Brain Recovery after Quitting Weed – Will it Heal?
It’s easy and completely natural to get caught up in the habit; in the intense moments of pleasure, and fun social aspects, feeling relaxed, invincible, and at one with yourself; never mind about the nagging concerns that surface quickly enough when reality dawns.
The holes that seem to be developing in your memory, the difficulties in concentrating for very long, the ‘can’t be bothered’ person that has taken over your non-weed using personality, (often referred to as ‘weed fog’), and how these things and more are changing your relationships, holding you back, sometimes even making you doubt your sanity.
Is this brain damage?
Using weed changes your brain chemistry, and definitely has a negative effect on how certain parts of it work. This may not exactly be brain damage in the popular sense, but after quitting weed there is a clear need for the brain to heal and rewire, a process known as neural plasticity. In longer term and heavy weed users it may not be possible to reverse all damage done, but some areas at least will be measurably improved.
All sections of the brain need you to take a decent amount of exercise, get enough sleep, and eat good, vitamin rich, healthy food to help it recover properly, so those should be taken as a given. However, there are also things you can do to help heal and rewire sections of the brain responsible for specific parts of brain health, which we look at here.
Fixing a bad memory
Setting up a regular brain exercise routine is the key to improving memory. There are lots of games you can play online, or download to a device for instant play anywhere at any time. Special brain exercises designed by experts are also available, and these should be done at least once a day.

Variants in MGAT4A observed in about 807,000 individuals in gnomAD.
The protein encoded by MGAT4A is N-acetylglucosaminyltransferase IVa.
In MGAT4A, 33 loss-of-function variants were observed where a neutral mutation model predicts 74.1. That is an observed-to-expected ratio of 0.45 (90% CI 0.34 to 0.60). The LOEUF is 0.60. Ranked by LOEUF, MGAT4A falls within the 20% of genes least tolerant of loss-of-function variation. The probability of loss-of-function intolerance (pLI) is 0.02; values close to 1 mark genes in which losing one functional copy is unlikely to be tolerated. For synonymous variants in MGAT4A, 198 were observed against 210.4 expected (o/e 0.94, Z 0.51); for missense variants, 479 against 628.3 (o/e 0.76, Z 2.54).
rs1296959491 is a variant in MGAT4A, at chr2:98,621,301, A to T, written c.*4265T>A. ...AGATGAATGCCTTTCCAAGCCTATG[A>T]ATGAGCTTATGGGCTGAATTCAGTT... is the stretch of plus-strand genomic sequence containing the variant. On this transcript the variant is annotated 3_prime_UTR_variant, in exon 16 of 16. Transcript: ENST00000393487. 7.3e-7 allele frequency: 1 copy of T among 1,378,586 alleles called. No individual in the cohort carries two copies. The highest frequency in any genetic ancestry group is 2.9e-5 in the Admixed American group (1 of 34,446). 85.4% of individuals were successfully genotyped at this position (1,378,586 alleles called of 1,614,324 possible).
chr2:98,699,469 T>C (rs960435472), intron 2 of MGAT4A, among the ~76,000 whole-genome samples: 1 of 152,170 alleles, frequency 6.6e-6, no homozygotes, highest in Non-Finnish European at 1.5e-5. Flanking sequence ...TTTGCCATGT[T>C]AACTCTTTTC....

Dealing with poor concentration
Initially it’s best to work with the attention span you currently have, but make the time spent focused on a task productive. Use timers to mark the boundaries of when to start and stop – they can be altered gradually as things improve, and make sure there are as few distractions around as possible.
Beat the apathy and lack of focus
Find a system that works for you where bite size achievements can be easily recognized and rewarded. Some people find writing individual tasks on stickies which are stuck to a wall or desk – to be removed crossed through when completed, others prefer to write lists in a notebook or create priority task charts so urgent jobs are not overlooked. The same principle can be used to fire up motivation – identifying personal goals and a possible time frame to achieve them.
It’s great to know that in many cases the human brain can heal itself after being impacted by drugs like weed, but it’s also important to acknowledge that the sooner someone either cuts right down or quits using weed the more chance they have of enjoying 100% brain function in the future.